The big portrait of Noah, made by my niece, shows him on a family trip at 14, seven years before his suicide. The larger-than-life image looks most like him from a distance, like when I approach the front door from outside and see his reflection in the window. It’s as if Noah is home again, his tall frame filling the entry hall.
He would have found that pugnacious little dog totally ridiculous and lovable. The little dog that Noah never met, that helped ease our son Ben’s shock and sadness after the suicide. That Ben eventually turned over to my husband and me, knowing that we, too, needed something small to cuddle and adore in our bereavement.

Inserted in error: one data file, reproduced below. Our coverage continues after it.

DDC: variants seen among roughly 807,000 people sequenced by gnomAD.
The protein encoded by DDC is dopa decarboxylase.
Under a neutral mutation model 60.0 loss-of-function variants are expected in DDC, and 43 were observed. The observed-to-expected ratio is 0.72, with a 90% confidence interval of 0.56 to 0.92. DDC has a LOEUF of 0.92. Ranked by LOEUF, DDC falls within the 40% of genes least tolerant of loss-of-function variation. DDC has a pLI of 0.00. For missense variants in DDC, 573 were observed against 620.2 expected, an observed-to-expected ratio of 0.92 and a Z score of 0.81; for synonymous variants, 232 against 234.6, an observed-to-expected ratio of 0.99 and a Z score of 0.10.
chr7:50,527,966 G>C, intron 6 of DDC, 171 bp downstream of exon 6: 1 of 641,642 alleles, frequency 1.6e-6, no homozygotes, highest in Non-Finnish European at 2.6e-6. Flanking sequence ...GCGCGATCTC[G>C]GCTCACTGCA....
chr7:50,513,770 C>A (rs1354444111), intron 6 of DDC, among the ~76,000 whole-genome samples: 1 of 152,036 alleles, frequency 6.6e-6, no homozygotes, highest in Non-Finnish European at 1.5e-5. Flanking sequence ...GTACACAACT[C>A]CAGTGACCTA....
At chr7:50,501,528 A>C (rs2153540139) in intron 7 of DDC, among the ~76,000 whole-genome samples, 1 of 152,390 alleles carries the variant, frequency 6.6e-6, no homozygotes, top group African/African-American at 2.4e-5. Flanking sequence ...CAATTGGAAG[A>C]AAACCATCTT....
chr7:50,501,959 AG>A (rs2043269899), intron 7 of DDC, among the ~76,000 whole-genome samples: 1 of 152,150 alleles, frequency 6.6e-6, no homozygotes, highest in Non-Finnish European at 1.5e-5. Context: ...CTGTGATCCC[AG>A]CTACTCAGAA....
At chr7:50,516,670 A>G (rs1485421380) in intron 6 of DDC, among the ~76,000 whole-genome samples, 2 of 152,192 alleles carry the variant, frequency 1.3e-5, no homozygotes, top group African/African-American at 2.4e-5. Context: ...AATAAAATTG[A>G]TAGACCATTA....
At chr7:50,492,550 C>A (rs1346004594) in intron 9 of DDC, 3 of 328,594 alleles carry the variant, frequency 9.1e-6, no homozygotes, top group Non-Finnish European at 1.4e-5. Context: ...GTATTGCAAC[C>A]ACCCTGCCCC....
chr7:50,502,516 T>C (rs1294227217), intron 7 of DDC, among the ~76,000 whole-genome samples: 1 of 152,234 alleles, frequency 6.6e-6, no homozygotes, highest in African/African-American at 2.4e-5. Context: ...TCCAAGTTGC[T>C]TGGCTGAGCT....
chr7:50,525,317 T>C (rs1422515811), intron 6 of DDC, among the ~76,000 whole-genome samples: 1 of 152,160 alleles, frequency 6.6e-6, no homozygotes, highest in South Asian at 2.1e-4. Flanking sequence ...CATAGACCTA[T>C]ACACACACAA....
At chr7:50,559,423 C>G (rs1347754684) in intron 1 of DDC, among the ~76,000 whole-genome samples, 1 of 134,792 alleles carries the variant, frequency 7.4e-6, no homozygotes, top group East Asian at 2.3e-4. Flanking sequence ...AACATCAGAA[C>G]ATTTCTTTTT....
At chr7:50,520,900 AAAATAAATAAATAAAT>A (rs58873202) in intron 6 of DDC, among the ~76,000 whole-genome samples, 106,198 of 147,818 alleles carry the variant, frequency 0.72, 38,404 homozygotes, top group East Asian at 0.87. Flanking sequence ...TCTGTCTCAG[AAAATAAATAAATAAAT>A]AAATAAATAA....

Noah’s presence in the living room that morning was a gift. I miss him terribly. There's no formula or to-do list as we move through the years after a suicide. I guess this is what long-term grief looks like.
To my fellow survivors: When do you sense your loved one’s presence? Where can you go or what can you do to feel more in touch with their spirit? Let them in, let your love go out to them, especially in this holiday season when we can feel so isolated and bereft. Wishing you peace and connection, with the dead and the living.